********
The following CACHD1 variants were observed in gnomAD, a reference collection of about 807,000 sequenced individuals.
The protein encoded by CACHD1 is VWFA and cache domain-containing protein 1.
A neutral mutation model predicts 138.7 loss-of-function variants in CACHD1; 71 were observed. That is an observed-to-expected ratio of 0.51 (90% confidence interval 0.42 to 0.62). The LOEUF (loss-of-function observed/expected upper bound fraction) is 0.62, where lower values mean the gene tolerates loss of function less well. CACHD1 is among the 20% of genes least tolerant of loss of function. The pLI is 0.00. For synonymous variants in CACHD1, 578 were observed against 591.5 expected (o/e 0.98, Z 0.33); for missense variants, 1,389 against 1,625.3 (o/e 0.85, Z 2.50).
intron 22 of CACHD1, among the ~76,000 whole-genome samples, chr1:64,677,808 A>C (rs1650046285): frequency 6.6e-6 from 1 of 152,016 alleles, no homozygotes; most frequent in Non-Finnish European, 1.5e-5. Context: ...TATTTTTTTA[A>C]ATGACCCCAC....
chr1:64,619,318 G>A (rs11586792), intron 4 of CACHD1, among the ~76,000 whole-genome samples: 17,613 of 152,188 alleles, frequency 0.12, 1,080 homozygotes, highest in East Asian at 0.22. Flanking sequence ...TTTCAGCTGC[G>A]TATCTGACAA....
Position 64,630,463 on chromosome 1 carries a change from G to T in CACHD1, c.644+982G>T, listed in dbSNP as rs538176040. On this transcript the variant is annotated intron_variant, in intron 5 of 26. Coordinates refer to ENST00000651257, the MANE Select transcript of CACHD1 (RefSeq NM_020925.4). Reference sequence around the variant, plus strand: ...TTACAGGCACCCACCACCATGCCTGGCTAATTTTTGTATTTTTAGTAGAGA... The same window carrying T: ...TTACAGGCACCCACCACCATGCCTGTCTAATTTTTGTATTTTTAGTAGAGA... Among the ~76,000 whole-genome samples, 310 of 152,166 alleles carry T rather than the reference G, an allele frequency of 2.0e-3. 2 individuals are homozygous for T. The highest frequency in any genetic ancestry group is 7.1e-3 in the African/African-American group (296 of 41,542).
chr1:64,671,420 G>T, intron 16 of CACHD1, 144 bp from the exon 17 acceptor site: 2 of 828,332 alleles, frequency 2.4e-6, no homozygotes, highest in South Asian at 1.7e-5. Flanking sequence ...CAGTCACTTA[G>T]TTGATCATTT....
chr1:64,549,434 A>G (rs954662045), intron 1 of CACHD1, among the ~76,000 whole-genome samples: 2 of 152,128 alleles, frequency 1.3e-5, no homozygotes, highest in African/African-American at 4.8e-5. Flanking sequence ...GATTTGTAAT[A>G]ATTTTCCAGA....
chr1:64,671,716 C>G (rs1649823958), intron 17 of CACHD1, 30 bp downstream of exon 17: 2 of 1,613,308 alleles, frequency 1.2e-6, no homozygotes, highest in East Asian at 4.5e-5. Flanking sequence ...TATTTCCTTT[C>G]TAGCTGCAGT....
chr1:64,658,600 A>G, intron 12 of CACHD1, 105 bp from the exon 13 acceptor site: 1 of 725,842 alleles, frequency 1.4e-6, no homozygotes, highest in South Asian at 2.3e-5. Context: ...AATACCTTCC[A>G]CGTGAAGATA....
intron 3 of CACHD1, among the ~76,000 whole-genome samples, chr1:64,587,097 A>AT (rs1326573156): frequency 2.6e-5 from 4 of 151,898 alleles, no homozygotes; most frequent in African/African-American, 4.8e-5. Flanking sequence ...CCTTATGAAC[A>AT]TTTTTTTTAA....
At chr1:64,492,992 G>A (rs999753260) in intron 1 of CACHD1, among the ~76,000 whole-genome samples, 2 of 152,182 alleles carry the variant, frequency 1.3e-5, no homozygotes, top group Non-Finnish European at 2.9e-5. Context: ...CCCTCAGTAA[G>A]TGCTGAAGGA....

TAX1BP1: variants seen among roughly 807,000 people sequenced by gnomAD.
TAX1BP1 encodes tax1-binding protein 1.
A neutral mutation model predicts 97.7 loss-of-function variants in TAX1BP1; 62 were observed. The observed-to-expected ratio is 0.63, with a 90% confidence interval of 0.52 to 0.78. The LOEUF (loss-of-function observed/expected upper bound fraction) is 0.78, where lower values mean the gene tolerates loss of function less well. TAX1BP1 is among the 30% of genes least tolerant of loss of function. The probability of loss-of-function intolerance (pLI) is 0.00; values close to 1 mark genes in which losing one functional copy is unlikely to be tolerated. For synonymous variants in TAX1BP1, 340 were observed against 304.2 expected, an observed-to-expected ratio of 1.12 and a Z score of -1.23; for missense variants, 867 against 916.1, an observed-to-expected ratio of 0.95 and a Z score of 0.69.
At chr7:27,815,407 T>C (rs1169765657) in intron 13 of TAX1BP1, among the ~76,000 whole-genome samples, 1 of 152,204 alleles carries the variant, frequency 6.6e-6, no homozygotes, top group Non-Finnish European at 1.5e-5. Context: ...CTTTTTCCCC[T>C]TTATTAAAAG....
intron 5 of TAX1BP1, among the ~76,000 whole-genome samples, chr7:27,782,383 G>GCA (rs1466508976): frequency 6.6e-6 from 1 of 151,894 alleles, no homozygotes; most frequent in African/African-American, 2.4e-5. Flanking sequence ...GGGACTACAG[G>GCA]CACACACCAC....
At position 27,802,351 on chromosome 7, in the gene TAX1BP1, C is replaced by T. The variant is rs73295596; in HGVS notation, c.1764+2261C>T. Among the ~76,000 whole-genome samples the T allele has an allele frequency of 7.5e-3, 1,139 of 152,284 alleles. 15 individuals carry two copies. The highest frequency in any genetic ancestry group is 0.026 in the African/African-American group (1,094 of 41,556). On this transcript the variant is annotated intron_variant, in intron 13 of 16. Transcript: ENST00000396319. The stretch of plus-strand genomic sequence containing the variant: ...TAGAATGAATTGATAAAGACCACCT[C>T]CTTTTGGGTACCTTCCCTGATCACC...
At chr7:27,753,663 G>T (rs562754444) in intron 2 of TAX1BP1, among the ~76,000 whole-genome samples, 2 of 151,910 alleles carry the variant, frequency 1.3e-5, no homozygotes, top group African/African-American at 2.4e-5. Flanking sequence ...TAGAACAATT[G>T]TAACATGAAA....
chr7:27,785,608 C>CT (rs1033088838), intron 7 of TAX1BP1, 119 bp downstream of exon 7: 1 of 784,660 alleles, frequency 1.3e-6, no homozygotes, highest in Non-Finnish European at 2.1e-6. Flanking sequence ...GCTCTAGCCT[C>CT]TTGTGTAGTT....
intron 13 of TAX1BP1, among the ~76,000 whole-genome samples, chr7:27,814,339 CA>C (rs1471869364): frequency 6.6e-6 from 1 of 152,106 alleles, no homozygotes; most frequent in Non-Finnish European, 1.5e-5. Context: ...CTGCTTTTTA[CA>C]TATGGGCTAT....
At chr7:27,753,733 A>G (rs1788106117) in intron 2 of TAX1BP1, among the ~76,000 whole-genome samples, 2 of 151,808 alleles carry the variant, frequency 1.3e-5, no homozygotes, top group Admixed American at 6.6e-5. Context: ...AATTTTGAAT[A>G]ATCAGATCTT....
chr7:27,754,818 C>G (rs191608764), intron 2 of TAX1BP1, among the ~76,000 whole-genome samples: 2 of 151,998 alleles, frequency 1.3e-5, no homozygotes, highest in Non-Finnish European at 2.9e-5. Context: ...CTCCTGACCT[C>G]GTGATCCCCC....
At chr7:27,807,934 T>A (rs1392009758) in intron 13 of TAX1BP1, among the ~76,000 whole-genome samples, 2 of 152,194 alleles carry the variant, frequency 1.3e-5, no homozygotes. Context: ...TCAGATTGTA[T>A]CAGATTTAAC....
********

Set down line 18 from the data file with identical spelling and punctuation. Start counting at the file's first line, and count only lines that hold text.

At position 27,802,351 on chromosome 7, in the gene TAX1BP1, C is replaced by T. The variant is rs73295596; in HGVS notation, c.1764+2261C>T. Among the ~76,000 whole-genome samples the T allele has an allele frequency of 7.5e-3, 1,139 of 152,284 alleles. 15 individuals carry two copies. The highest frequency in any genetic ancestry group is 0.026 in the African/African-American group (1,094 of 41,556). On this transcript the variant is annotated intron_variant, in intron 13 of 16. Transcript: ENST00000396319. The stretch of plus-strand genomic sequence containing the variant: ...TAGAATGAATTGATAAAGACCACCT[C>T]CTTTTGGGTACCTTCCCTGATCACC...